The 17th century became known as "the age of the enema." In Parisian society it was fashionable to use three or four enemas a day, in accordance with the popular belief that internal cleansing was essential for good health. This popular acceptance by the public helped to "remove" enemas from the hands of the apothecaries and druggists, in whose domain they had previously been.

The enema reached its peak in the early years of the reign of Louis XIV (1638-1715) whom, it is said, received more than 2,000 enemas during his lifetime. The King occasionally received visitors and court officials while undergoing an enema.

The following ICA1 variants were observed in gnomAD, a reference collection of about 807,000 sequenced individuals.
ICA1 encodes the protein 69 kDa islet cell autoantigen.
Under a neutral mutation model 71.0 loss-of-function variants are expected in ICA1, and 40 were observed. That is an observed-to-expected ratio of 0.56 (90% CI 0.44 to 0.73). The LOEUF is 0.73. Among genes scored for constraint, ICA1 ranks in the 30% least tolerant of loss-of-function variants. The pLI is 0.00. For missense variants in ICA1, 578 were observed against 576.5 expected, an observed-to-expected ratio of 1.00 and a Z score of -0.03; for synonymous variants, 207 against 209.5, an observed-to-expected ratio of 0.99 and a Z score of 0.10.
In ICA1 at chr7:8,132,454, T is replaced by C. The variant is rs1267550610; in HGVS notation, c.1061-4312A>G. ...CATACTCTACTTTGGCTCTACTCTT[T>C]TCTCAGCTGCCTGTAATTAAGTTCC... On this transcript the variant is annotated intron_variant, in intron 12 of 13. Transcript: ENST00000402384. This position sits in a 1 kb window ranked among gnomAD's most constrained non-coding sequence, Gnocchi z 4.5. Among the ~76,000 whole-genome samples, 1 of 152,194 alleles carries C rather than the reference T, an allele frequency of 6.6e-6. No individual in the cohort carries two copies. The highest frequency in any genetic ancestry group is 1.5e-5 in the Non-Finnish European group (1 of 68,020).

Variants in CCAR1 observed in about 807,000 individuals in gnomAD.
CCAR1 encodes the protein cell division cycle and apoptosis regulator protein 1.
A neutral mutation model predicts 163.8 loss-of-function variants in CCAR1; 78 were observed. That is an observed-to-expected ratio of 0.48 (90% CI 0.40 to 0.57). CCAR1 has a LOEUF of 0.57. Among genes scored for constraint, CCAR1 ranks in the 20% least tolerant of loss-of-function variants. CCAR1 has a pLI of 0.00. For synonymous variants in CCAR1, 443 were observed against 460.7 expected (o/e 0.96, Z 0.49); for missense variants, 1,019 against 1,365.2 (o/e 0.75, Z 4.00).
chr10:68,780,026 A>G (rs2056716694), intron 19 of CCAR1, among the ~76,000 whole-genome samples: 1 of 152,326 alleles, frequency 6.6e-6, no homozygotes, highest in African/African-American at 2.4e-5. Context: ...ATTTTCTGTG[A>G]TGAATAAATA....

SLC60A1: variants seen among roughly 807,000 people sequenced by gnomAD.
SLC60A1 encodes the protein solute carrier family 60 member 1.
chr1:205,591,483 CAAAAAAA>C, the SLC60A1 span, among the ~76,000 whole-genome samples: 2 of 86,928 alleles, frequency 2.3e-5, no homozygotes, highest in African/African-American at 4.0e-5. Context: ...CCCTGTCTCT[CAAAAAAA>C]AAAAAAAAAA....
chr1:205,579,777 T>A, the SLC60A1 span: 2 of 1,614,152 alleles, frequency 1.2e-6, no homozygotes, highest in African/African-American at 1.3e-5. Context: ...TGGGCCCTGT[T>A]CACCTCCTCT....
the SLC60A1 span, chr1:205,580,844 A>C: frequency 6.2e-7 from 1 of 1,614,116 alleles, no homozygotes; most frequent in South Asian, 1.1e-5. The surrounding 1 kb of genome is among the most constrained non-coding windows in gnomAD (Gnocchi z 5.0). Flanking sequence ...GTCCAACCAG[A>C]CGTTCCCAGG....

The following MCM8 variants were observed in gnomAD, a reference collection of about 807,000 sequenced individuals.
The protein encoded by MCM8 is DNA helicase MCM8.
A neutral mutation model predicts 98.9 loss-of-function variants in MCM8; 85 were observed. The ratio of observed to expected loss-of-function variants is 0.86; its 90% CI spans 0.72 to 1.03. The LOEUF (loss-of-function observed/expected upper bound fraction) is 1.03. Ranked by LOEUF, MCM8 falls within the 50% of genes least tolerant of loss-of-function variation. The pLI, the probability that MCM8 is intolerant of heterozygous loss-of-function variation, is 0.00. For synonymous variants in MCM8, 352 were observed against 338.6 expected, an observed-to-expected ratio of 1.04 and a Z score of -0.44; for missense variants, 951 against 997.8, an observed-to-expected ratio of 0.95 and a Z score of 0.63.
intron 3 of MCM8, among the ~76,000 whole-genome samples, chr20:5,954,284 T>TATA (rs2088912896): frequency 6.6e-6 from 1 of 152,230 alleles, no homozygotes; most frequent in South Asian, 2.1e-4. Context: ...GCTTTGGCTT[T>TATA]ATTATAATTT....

In this period syringes came in various forms. They could be of copper or porcelain, but the rich had syringes made of mother of pearl and silver. It was considered good practice to have a variety of syringes and some aristocratic families actually owned substantial collections of these devices.